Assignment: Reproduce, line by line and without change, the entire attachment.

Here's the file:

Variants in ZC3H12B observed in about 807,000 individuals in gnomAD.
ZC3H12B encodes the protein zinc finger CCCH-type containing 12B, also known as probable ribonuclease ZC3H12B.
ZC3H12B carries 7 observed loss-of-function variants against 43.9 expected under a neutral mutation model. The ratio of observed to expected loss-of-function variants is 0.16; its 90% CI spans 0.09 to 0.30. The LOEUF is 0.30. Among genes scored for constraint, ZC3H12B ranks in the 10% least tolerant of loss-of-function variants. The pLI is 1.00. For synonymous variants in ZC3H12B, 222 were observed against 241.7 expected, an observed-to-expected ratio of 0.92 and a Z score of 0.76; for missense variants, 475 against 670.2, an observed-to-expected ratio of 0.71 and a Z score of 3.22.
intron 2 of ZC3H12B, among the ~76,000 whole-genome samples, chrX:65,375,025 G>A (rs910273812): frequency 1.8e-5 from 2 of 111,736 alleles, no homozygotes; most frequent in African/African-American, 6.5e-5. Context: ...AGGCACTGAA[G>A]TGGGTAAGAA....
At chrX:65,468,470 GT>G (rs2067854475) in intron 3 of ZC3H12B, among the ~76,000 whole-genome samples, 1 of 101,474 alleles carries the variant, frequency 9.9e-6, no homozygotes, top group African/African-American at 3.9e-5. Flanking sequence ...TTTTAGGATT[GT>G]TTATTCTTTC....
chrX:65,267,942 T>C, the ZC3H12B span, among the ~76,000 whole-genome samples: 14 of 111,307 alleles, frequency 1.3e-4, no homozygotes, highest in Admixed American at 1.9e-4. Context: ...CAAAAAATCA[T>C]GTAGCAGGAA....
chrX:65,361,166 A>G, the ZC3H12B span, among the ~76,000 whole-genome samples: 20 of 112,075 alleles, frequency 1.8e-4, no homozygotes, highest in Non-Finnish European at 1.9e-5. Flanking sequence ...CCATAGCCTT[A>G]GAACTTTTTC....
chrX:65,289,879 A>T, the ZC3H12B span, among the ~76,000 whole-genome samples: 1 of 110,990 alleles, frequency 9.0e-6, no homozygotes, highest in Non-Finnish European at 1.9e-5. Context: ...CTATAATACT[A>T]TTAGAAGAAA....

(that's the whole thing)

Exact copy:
Variants in ZC3H12B observed in about 807,000 individuals in gnomAD.
ZC3H12B encodes the protein zinc finger CCCH-type containing 12B, also known as probable ribonuclease ZC3H12B.
ZC3H12B carries 7 observed loss-of-function variants against 43.9 expected under a neutral mutation model. The ratio of observed to expected loss-of-function variants is 0.16; its 90% CI spans 0.09 to 0.30. The LOEUF is 0.30. Among genes scored for constraint, ZC3H12B ranks in the 10% least tolerant of loss-of-function variants. The pLI is 1.00. For synonymous variants in ZC3H12B, 222 were observed against 241.7 expected, an observed-to-expected ratio of 0.92 and a Z score of 0.76; for missense variants, 475 against 670.2, an observed-to-expected ratio of 0.71 and a Z score of 3.22.
intron 2 of ZC3H12B, among the ~76,000 whole-genome samples, chrX:65,375,025 G>A (rs910273812): frequency 1.8e-5 from 2 of 111,736 alleles, no homozygotes; most frequent in African/African-American, 6.5e-5. Context: ...AGGCACTGAA[G>A]TGGGTAAGAA....
At chrX:65,468,470 GT>G (rs2067854475) in intron 3 of ZC3H12B, among the ~76,000 whole-genome samples, 1 of 101,474 alleles carries the variant, frequency 9.9e-6, no homozygotes, top group African/African-American at 3.9e-5. Flanking sequence ...TTTTAGGATT[GT>G]TTATTCTTTC....
chrX:65,267,942 T>C, the ZC3H12B span, among the ~76,000 whole-genome samples: 14 of 111,307 alleles, frequency 1.3e-4, no homozygotes, highest in Admixed American at 1.9e-4. Context: ...CAAAAAATCA[T>C]GTAGCAGGAA....
chrX:65,361,166 A>G, the ZC3H12B span, among the ~76,000 whole-genome samples: 20 of 112,075 alleles, frequency 1.8e-4, no homozygotes, highest in Non-Finnish European at 1.9e-5. Flanking sequence ...CCATAGCCTT[A>G]GAACTTTTTC....
chrX:65,289,879 A>T, the ZC3H12B span, among the ~76,000 whole-genome samples: 1 of 110,990 alleles, frequency 9.0e-6, no homozygotes, highest in Non-Finnish European at 1.9e-5. Context: ...CTATAATACT[A>T]TTAGAAGAAA....